Duff said in an interview that she and her peers must organize in order to make their voices heard “because we’re the ones who can’t vote, but the legislation that passes in our government actually impacts us a lot.” She added, “I really care about my future and the future of people who might not have a voice in this crisis but are impacted the most by it.”

Community turnout

Both Rodriguez and Puebla were disappointed that many University students didn’t respond to strike recruitment efforts.

When they tabled on campus and asked students to join the strike, many said they couldn’t attend because they had to go to class.“It was actually very disappointing,” Rodriguez said. “It’s something I didn’t expect.”

But Rodriguez added that some University students did show up at the action, including new faces she hadn’t seen before in environmental justice circles.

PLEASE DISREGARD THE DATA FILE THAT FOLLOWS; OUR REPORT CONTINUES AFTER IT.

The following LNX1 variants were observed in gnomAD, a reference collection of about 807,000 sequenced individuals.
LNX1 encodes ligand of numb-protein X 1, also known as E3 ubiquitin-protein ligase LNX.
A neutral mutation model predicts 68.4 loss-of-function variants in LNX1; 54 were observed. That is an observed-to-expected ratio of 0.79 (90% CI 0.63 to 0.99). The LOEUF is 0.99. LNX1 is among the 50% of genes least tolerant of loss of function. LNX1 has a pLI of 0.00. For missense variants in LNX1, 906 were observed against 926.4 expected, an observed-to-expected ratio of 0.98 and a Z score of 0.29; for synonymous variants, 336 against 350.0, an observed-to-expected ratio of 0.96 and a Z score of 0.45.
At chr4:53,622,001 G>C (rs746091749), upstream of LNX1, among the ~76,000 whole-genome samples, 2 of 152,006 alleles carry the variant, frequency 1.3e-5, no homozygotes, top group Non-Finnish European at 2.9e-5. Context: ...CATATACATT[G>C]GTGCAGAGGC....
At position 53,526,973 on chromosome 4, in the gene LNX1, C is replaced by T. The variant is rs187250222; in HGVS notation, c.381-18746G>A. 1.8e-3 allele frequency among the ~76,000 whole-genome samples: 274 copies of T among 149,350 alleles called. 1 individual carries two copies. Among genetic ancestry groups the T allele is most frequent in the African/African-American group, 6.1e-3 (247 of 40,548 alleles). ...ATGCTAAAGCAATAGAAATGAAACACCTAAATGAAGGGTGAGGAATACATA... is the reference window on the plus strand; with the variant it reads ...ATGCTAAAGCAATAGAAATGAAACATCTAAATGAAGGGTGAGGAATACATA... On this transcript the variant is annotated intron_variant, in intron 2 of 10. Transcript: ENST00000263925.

Despite her disappointment with the lack of University protesters, the overall turnout exceeded Puebla’s expectations. “It was a big ask for a lot of students to really go on strike, to suffer the consequences of what that means,” she said.

The crowd was largely young people, who are one of the “front line communities” that will be most affected by climate change, said Liam Hopkins, communications lead for Sunrise Providence.

Other front line communities include people of color, indigenous peoples, low-income people and those who identify as LGBTQ+, Hopkins said. “When we build fossil fuel infrastructure, when we allow these billionaires and their companies to poison our air and to poison our water and hurt our communities, it is always poor communities, it is always communities of color that are hurt first, and that will be hurt worst, and those are the people that we’re fighting for,” Hopkins said.